Answering questions is the Scientist Super Power!
I trust science. I always have. And our current situation is a perfect example of science in action.
Science is not a body of facts. It is a learning process. A process that is designed to provide empirical answers to questions. A process that, by design, requires great attention to detail, an open mind to ideas and results of testing, and a willingness to accept and review data you were not expecting to encounter. All of that has been happening with the coronavirus science TODAY. And since we are just in the beginnings of the process, the information will probably change tomorrow.
We do not have all the facts on this virus. No one can tell us exactly how to avoid it, treat it, cure it. We don’t know how bad the death toll, the injury toll, the psychological toll, or what the economic impact will be. Its all a big scientific experiment. But I trust the science. I try to listen to the science.
But, what will it look like as move forward? After we begin to return to work and play, while the science will continue to provide evolving information and reactions to that information . . . what will it look like at home and at work for the Everyday Joe?
We all know that the way we recover economically from this crisis will add definition to every generation. Will the Baby Boomers try to return to part-time work after the blows to their investment plans for retirement? Will they change their behaviors regarding dinners in restaurants and casino activity? What impact will those decisions have on the local economy?
Will the Millennials become hoarders of toilet paper, Ramen Noodles, and canned goods as they prepare for the next crisis? Because they just know this is only the beginning. Will they change the way they work to do more at home and communicate “at a distance?’ Will the Gen Z young people do anything different at all because they are still in their formative years so this is part of forming who they are and who they will be? They have already been communicating at a distance from basements across the country.
Will any of us recognize the need to become more self-sufficient?
Here, in the Great Lakes Bay Region we have almost everything we need. We have agricultural resources. We have manufacturing resources. We have outstanding healthcare and educational institutions. We can very nearly self-sustain. What we will need is to convince our population to access our own resources first.
The GLBR is strategically placed between the densely populated counties to our south and the remote counties to our north west. Will we have a lot of ability to be self-sufficient and share with those remote counties as they look to the GLBR for goods and services? Can the GLBR, and will the GLBR, step up quickly to become the provider of those goods and services, therefore, returning to economic strength?
Will we speak about careers as “essential or non-essential” in addition to high demand, high pay? Interestingly, as I am helping my grandchildren with their home school work, I have seen a couple of writing prompts related to “career choice versus what should be paid” and “what jobs will be needed most when we return to work.” Already, teachers recognize that it will be important to talk to our kids about their career choices as a reflection of the crisis.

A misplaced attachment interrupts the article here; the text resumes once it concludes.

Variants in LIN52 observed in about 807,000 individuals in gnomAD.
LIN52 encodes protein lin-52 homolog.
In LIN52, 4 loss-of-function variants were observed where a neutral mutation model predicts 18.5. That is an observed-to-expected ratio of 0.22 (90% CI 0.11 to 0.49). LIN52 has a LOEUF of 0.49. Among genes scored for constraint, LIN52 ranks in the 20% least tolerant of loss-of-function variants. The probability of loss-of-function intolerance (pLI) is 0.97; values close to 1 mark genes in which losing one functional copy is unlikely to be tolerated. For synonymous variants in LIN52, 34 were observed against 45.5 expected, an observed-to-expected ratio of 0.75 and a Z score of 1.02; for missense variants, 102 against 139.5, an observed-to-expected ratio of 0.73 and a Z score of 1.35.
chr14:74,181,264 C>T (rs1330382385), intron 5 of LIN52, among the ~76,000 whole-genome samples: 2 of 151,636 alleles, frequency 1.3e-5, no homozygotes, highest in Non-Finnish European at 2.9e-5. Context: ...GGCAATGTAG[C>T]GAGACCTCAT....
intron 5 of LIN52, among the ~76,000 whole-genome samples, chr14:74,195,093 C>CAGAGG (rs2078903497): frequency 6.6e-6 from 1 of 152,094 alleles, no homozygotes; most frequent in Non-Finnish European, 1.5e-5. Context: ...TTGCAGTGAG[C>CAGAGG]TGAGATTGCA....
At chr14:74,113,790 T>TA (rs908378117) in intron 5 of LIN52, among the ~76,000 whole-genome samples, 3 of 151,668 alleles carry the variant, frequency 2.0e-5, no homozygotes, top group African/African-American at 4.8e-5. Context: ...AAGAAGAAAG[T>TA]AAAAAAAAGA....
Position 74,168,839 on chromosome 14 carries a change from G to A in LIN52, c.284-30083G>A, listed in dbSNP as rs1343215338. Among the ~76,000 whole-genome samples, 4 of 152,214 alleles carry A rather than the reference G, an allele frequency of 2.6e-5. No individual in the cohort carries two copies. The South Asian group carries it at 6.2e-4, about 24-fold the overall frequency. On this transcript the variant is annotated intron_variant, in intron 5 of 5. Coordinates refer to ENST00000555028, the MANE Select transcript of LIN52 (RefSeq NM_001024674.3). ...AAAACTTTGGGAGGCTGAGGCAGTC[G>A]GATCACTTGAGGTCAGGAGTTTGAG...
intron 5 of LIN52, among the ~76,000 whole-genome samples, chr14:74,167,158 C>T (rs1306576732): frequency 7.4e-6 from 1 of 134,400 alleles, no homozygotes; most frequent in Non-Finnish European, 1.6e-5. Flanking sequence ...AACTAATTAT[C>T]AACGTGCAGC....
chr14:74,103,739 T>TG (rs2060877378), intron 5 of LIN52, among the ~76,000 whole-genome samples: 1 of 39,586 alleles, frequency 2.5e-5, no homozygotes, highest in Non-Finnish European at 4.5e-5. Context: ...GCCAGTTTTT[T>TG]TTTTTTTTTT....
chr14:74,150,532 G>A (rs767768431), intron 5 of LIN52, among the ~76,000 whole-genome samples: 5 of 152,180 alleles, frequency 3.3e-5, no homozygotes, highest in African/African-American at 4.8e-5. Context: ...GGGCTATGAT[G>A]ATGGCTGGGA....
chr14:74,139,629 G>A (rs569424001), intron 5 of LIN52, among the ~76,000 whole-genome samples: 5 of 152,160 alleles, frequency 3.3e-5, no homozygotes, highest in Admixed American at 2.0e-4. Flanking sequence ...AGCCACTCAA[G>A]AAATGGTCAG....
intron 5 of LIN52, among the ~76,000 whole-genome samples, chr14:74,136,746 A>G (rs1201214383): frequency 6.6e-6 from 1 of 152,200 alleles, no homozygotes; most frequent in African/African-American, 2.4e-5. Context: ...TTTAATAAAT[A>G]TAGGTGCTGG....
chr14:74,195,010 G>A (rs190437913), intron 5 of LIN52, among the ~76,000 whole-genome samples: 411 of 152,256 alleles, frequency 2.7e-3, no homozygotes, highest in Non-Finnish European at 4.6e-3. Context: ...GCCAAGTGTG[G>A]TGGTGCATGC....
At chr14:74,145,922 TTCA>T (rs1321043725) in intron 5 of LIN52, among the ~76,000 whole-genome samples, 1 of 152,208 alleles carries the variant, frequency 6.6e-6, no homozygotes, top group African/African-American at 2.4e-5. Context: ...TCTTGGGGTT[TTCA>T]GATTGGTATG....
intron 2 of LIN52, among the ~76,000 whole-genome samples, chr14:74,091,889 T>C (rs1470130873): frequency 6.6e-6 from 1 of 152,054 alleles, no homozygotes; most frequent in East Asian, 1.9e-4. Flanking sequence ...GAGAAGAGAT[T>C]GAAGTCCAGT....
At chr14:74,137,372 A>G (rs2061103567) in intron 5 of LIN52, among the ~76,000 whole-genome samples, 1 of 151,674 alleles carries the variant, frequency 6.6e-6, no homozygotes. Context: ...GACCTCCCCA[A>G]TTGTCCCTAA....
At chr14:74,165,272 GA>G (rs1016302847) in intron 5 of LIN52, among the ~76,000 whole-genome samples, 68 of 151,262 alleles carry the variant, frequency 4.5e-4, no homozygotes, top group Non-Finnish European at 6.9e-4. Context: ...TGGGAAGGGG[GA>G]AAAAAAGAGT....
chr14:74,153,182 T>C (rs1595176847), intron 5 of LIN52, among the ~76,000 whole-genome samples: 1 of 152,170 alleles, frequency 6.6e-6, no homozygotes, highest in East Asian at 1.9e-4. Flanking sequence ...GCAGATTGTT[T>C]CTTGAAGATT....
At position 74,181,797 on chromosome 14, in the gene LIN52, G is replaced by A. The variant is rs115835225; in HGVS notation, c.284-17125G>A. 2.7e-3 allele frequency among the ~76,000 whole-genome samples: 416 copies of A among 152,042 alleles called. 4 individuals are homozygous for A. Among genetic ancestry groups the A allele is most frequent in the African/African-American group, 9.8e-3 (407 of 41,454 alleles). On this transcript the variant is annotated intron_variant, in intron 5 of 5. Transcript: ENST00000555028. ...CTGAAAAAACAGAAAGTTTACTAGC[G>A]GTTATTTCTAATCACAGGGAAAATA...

Will all career education include courses in “how to effectively work at home.” Zoom meetings have provided a small level of ability to keep people working. It is not producing products to sell but services are being provided. Two of my relatives have had virtual appointments with physicians. Interviews are taking place to provided information to the public and television and social media has been quite amazing in their abilities to continue large scale communications and provided resources to families. Educators are consulting via Zoom on how to implement and maintain distance learning. This last one has been, and will show over the next year, to be hugely disappointing.
There should be a big push to prepare K12 educators, students and families for online distance learning. I think one of the reasons schools were not ready was because of fears about job security for educators. If the public learns that educational materials are available online what do they need the schools for? If there is one thing this crisis has taught families, it is that they need those teachers! Providing quality ways to connect teachers with students will be a top priority. It also continues to highlight those IT careers. Better communication formats need to be developed that are accessible to all families. Students and teachers need to use these formats and become adept at their use before the crisis forces them into 24/7 use. This will also eliminate the need to make up snow days. There will be no such thing as a non-working school day if home can be a classroom. A lot of opportunity in education will come out of this crisis as we return to full-force preparation of youth for an unknown that is more unknown than ever.